This year’s line-up includes the traditional faves, plus a couple of new items. The standards making their annual appearance are chocolate chips, pecan sandies, peanut butter, Buffalo rum balls (so called because my ancient recipe copy is noted as being from the Buffalo Evening News, sometime in the 1960s), earthquakes (very similar to these chocolate crinkles), sugar cookie cut-outs (standard Joy of Cooking recipe, this year with new snowflake cutters), and oysters. Linzer cookies are making an encore appearance, too. The new ones are rolled gingersnaps (using an odd European cookie roller) and date nut rolls (from Tatte Bakery in Brookline, as published in the Boston Globe). Also back by popular demand is the panforte I’ve made before. Oh. And fudge to use up leftover chocolate and nuts. I can hear Elder Daughter hyperventilating over this, all the way from her dorm…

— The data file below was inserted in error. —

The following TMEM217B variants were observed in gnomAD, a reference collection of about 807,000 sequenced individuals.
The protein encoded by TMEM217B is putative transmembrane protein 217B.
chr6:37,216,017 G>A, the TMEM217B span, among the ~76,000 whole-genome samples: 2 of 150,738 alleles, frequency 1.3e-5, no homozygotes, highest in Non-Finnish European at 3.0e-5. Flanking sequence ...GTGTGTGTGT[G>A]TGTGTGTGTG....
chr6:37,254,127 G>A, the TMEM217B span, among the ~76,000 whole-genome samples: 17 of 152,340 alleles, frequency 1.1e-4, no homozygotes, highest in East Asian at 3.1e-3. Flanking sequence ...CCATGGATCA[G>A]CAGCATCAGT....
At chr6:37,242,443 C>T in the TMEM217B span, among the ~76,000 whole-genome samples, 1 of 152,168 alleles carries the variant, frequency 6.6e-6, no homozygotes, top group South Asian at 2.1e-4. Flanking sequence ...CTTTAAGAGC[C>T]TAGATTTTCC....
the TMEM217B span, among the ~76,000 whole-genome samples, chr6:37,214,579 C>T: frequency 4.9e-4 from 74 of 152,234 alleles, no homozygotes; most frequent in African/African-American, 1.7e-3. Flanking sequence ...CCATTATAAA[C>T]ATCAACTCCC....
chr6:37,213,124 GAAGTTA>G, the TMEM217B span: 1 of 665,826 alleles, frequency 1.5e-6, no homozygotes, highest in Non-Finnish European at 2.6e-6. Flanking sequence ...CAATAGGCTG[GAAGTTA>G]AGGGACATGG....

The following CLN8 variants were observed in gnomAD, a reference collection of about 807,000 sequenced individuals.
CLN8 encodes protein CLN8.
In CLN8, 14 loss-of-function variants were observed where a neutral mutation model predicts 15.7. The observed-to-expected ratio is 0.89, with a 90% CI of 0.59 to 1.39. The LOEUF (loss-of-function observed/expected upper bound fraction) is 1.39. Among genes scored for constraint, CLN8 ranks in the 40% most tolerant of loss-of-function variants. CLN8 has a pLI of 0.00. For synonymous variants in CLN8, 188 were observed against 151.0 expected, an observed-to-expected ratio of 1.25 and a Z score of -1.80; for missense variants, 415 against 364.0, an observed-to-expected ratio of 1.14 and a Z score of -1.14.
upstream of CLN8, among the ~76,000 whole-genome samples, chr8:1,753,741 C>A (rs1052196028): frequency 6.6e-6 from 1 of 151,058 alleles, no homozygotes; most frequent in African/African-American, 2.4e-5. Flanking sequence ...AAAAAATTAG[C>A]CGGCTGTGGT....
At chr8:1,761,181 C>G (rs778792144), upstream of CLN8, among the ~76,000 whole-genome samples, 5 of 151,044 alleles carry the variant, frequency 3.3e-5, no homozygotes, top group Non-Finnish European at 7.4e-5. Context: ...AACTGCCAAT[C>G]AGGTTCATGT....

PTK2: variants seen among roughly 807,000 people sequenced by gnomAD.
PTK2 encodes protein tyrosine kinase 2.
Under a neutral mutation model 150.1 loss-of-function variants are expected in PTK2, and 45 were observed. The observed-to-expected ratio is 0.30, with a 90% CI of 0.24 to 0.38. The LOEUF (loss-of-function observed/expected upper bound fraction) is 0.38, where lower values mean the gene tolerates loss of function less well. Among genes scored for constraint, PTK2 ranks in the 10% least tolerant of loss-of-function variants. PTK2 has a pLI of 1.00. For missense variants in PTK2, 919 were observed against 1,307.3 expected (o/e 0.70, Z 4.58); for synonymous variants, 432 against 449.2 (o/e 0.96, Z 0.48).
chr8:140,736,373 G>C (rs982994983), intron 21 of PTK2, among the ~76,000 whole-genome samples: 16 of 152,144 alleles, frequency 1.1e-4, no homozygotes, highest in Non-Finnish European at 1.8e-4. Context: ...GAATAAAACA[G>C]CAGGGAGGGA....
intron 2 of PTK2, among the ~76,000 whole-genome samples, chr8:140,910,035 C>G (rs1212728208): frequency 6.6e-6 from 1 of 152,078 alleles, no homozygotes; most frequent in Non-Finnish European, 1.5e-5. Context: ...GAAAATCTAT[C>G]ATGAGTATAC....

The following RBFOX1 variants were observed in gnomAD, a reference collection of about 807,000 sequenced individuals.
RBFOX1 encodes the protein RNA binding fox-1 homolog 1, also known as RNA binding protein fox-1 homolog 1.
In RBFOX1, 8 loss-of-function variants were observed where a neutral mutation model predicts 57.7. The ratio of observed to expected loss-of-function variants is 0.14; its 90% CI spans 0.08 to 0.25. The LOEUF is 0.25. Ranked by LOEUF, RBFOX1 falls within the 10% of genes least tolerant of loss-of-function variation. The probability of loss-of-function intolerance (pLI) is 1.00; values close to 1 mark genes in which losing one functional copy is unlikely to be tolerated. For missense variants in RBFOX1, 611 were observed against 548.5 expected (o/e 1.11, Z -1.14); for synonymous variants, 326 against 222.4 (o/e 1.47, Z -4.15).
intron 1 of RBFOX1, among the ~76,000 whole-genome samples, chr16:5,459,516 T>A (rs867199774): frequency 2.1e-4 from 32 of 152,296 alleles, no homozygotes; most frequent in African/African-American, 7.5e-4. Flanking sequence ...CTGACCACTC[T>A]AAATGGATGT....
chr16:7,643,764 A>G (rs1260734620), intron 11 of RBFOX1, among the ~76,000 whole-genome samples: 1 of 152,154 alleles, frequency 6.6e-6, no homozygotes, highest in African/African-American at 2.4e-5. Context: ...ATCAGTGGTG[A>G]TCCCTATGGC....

This weekend we baked the two items that improve with age – the rum balls that need to cure to lose that raw rum edge, and the panforte because we’re soaking it in Calvados this year. The others will follow, with the longer keepers like peanut butter being done first, and the tender ones that go stale quickly last (Linzers and the date nut roll). I try to have all baked by the weekend before the holiday. Deadlines willing.
And not to forget this week’s holiday:
Happy Latkes to everyone!
How did that challenge at the center of the horizontal bead strip play out? The little red arrow shows: